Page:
Monday it snowed (a teeny-tiny bit but it was snow so yay) so I baked cookies. In light of my sludgy cold, ginger seemed the obvious choice.
I’d first made these cookies back in December, but then I never got around to writing about them. They seemed more of a bracing, nourishing mid-winter cookie than a frivolous Christmas treat anyway, what with the whole wheat base and hefty hit of fresh ginger. Besides, to me a ginger cookie is solid everyday fare, the kind of cookie that kids can grab from the cookie jar whenever they get hungry.
Okay, okay. So I don’t let my kids eat cookies whenever they want and we don’t even have a cookie jar, but! These cookies do feel wholesome and nourishing. I mean, what with all the spices and whole wheat and vitamin-rich molasses, they’re practically good for you, right? At least that’s the story I tell myself. I’m sticking with it.
This time when I made them, the cookies were even better than I remembered. I baked the first tray fresh, not even bothering the refrigerate the dough, and the cookies spread out flat. Crispy around the edges, soft and chewy in the middle, and with that strong ginger bite, they were wildly addicting. Even though my husband was so stuffy that he couldn’t detect any flavor (because he, too, has been stricken with The Evil Cold), he so loved the texture that he ate three.
But then I let the rest of the dough sit on the counter for a couple hours while I read by the fire and my husband slept the afternoon away, and by the time I got around to baking the rest of the cookies, the flour had hydrated so that the resulting cookies weren’t quite as thin. Lesson learned: Next time, bake up all the cookie dough straight away, in one go.
Also learned: let the hot butter and spice mixture cool before adding the egg. Otherwise, you’ll be picking out little bits of scramble, oh for crying out loud.
And don’t swing to the other extreme and stick the hot pan in a slick of snow, either, because then the mixture will get painfully thick around the edges.
Basically, just calm down a little. Sometimes “taking it slow” really is faster.
Note: When I mentioned “hydrating the dough” to my mother, she busted up laughing. I tried to explain — the flour hydrates while the dough rests, duh — but my mother wasn’t having it. You mean if I let my cake batter sit out, the cake’s texture will be different? And I’m like, Well, yeah…uh, probably? And then she snorted again so now I don’t know what to think. Am I off my rocker or is she?
Fresh Ginger Cookies
Adapted from Ideas In Food.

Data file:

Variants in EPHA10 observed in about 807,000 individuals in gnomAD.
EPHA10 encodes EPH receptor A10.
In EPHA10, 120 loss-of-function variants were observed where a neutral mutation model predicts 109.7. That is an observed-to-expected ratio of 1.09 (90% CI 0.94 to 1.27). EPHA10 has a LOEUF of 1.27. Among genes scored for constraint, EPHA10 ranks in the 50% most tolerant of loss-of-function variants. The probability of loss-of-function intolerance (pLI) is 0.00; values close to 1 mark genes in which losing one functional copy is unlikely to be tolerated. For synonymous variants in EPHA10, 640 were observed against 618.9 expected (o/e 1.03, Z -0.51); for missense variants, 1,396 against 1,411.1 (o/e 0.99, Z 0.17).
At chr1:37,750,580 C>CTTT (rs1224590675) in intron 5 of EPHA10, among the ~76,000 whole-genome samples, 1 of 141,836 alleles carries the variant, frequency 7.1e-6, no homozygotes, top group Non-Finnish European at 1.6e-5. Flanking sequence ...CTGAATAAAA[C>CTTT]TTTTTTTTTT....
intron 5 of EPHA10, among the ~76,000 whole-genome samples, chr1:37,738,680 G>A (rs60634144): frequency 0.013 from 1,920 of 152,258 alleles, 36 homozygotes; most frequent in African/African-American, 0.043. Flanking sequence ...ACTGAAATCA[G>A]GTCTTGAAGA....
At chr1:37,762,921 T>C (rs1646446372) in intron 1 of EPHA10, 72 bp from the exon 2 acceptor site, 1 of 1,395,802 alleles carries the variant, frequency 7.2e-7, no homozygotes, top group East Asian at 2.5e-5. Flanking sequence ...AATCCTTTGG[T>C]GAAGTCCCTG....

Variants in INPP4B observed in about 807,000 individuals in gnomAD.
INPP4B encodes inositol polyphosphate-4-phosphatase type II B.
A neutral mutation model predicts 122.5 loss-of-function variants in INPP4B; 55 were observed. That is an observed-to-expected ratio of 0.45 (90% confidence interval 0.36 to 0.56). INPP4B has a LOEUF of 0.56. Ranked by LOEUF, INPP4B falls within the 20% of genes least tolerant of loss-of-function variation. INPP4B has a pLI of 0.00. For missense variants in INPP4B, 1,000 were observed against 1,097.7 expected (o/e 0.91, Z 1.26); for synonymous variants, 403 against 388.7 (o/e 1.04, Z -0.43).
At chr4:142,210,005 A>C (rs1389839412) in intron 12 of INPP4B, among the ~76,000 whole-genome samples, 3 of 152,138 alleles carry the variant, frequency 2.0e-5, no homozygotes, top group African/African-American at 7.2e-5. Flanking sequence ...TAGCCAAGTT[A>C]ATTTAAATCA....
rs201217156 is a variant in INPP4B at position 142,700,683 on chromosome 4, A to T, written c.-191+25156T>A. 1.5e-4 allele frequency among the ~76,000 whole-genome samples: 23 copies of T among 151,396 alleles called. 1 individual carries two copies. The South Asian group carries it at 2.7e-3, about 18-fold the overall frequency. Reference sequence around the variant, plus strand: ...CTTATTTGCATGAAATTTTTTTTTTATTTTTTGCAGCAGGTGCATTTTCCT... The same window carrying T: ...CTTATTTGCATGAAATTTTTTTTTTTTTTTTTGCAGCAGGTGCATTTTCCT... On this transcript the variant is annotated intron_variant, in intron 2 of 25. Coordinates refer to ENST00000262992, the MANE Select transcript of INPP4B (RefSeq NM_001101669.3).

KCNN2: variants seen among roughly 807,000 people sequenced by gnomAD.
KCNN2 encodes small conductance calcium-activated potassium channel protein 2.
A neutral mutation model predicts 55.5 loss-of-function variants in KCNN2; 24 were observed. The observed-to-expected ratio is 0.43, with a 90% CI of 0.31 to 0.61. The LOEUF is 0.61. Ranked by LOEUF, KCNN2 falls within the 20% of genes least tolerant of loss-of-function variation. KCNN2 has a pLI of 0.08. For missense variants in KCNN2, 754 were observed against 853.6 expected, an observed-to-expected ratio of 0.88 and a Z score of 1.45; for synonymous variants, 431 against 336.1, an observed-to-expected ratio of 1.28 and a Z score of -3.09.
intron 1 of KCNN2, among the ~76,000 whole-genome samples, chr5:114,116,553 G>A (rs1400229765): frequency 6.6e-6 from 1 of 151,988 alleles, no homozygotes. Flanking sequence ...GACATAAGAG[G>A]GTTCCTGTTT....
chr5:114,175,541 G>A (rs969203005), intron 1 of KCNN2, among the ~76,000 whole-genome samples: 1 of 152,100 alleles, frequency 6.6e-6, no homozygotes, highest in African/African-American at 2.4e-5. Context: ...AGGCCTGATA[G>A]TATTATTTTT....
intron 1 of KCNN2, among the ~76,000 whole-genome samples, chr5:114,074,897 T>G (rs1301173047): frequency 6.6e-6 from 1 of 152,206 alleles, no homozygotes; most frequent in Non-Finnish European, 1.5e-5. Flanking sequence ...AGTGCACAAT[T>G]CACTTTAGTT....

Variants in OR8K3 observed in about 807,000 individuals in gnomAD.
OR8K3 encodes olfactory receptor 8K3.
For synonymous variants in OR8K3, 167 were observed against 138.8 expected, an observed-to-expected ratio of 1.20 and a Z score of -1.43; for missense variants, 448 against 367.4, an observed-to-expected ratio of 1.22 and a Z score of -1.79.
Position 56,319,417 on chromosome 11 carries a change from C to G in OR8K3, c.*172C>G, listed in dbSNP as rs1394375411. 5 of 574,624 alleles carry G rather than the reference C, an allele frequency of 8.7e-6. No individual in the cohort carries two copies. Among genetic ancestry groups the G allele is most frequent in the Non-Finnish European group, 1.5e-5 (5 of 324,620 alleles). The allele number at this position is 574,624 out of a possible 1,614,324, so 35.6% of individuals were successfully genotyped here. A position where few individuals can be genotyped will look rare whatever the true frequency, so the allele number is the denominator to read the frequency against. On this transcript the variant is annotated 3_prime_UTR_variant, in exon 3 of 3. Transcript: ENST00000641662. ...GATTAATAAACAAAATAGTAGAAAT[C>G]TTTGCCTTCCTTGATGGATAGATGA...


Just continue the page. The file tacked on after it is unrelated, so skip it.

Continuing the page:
I’ve doubled the recipe and am recording it as such. If you’re going to go to all the trouble to measure a bunch of spices, you might as well make it worth your while.
The original recipe calls for just all-purpose flour, but whole wheat adds a pleasant nuttiness.
2 sticks butter
1 cup each brown sugar and white sugar
½ cup molasses
¼ packed cup minced fresh ginger
2 tablespoons cocoa powder
2 tablespoons cinnamon
1 tablespoon, rounded, ground ginger
1 teaspoon salt
¼ teaspoon each nutmeg and ground cloves
2 eggs, beaten
2 cups each whole wheat pastry flour and all-purpose flour
2 teaspoons baking soda
Extra sugar, for rolling
Melt the butter in a saucepan. Add the sugars, molasses, fresh ginger, cocoa, cinnamon, ground ginger, salt, nutmeg, and cloves. Bring to a boil and then simmer gently, stirring frequently, for five minutes. Remove the pan from the heat and let cool for 20-30 minutes.
Working quickly, beat in the eggs. Stir the baking soda into the flour and then add both to the batter. Let the dough sit at room temperature for about thirty minutes to hydrate before shaping into balls, rolling in sugar (I used demerara), and placing the cookies on a parchment paper-lined (or greased) baking sheet.
Bake the cookies at 350 degrees for 9-12 minutes, depending on size and taking care not to overbake them — they should be puffy in the centers and still slightly wobbly. Let them rest on the tray for a few minutes to set up and then transfer to a cooling rack.
This same time, years previous: good writing, the quotidian (3.14.16). opening night, raspberry ricotta cake, chocolate babka, a love affair, sugar loaf, all by himself, for all we know.
Hydration is definitely a thing. In baking lingo it's called autolyse. https://blog.kingarthurflour.com/2017/09/29/using-the-autolyse-method/
Ah-ha! I knew it!
I found this: https://www.npr.org/sections/thesalt/2013/12/03/248347009/cookie-baking-chemistry-how-to-engineer-your-perfect-sweet-treat
That's a good article! And the video, too. Now the kids are asking me to make cookies today. (The youngest says: And we won't use a timer—we'll use our nose.)